When Isabel Met Kavita and Talked About Militarism

Last week I had the pleasure of attending the Global Fund for Women’s event “Resist, Reclaim, Restore,” which featured a conversation between Kavita Ramdas, the former president and CEO of the GFW, and Chilean-American author Isabel Allende. The GFW’s progressive approach to empowering women attracted a diverse set of women who gathered that evening in San Francisco—well-heeled donors mixed with young feminists in frayed jeans, each eager to hear Ramdas and Allende speak about the growing problem of militarism, its effects on women’s rights and how women can be active leaders in peace-building.

As I waited for the talk to begin, the work of the GFW—a nonprofit grantmaking foundation which invests in organizations led by women worldwide—projected across large screens: funding for women’s health in Uzbekistan and for girls’ education in Afghanistan and Zimbabwe. But tonight’s event was about their newest campaign, the Women Dismantling Militarism Initiative, which calls attention to the pervasive nature that militarism has on women’s rights both in the United States and abroad. It’s a problem that we don’t talk about enough and, as GFW’s board chair Leila Hessini pointed out, it affects our mindset down to the most minute details–from the clothes we wear to the language we use (“bullet points”) to the values that infuse our political debate. Militarism has a disproportionate effect on women in particular: Women refugees account for 70-80 percent of the world’s internally displaced persons and women’s bodies are often the battlegrounds on which war is waged. And that’s what Ramdas and Allende were there to speak about, to shift the discourse from the violence of militarism to the prospect of women-led peace-building. As Allende said, “Women have nothing to lose; we must challenge militarism.”

Ramdas and Allende spoke about the many women they had met throughout the world, women who Ramdas described as “indestructible,” who had been victimized by wars, internal violence and U.S. military intervention. Both spoke from a place of experience—Ramdas recounted working in an orphanage filled with unwanted girls in her native India, while Allende spoke of her experiences in Chile after the U.S.-funded coup d’etat ousted her cousin Salvador Allende from the presidency. Allende, in particular, had witnessed first-hand the devastating effects of militarism under the brutal dictatorship of Augusto Pinochet that followed the coup.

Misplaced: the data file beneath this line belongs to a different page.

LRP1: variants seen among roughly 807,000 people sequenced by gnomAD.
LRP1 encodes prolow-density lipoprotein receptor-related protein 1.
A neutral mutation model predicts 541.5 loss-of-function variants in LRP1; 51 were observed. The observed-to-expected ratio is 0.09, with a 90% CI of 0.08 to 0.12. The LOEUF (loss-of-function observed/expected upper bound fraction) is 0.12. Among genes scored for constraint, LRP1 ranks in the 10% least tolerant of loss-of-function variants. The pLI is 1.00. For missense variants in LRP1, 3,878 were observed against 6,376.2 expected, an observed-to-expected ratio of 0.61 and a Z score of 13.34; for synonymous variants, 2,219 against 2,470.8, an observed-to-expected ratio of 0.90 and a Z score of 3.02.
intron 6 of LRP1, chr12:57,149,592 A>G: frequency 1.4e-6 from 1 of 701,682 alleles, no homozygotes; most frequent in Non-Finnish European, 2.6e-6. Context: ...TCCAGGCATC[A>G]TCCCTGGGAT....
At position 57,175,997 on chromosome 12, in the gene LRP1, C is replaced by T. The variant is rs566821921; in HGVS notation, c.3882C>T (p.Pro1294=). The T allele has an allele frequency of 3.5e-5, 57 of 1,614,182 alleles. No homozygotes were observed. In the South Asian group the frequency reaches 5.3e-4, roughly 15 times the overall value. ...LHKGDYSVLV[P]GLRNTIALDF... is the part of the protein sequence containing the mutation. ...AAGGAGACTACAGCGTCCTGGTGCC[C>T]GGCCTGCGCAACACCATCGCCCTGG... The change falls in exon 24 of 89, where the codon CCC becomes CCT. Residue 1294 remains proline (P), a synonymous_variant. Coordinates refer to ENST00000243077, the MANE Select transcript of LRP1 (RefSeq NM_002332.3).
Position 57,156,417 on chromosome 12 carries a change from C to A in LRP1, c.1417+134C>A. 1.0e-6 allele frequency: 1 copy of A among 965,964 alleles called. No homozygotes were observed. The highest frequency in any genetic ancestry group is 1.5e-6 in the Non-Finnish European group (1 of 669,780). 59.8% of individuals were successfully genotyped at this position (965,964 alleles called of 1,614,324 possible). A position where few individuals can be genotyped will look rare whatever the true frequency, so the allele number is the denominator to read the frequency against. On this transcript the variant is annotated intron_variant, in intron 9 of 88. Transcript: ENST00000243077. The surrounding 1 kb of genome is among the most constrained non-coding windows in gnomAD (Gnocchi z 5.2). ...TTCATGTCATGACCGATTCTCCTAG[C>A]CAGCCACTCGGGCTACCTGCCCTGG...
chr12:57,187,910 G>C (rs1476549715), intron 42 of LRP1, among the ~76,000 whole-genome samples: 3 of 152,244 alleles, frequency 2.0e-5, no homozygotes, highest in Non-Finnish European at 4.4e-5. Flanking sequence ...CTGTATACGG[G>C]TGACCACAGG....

Both women stressed the relationship between nationalism and militarism, which Allende said “scares her stiff.” And certainly they made a compelling connection between U.S. exceptionalism (a wedge issue following the election of President Obama and throughout the mid-term elections) and the culture of violence.  They encouraged the audience, composed largely of American women, to be active, loud voices of feminism—reminding us that our pursuit of gender parity should not be contained within U.S. borders.

But what was most amazing about Ramdas and Allende was their incredible optimism–an attitude that has remained resolute despite the cruelty each has witnessed.  They reminded the audience that women are crucial to disarming militarism, and when Ramdas posed the question, “Does our alleged lack of power work in our favor?” Allende responded with a clarion call, especially pointed at young  feminists:

Women are powerful, especially in groups.  Women have work to do for our sisters and our daughters. … Young women have huge work to do–you have to get involved.

To get involved with or find out more about the Global Fund For Women visit their Facebook page or follow them on Twitter.

Photo of Kavita Ramdas (left) and Isabel Allende by S. Smith Patrick.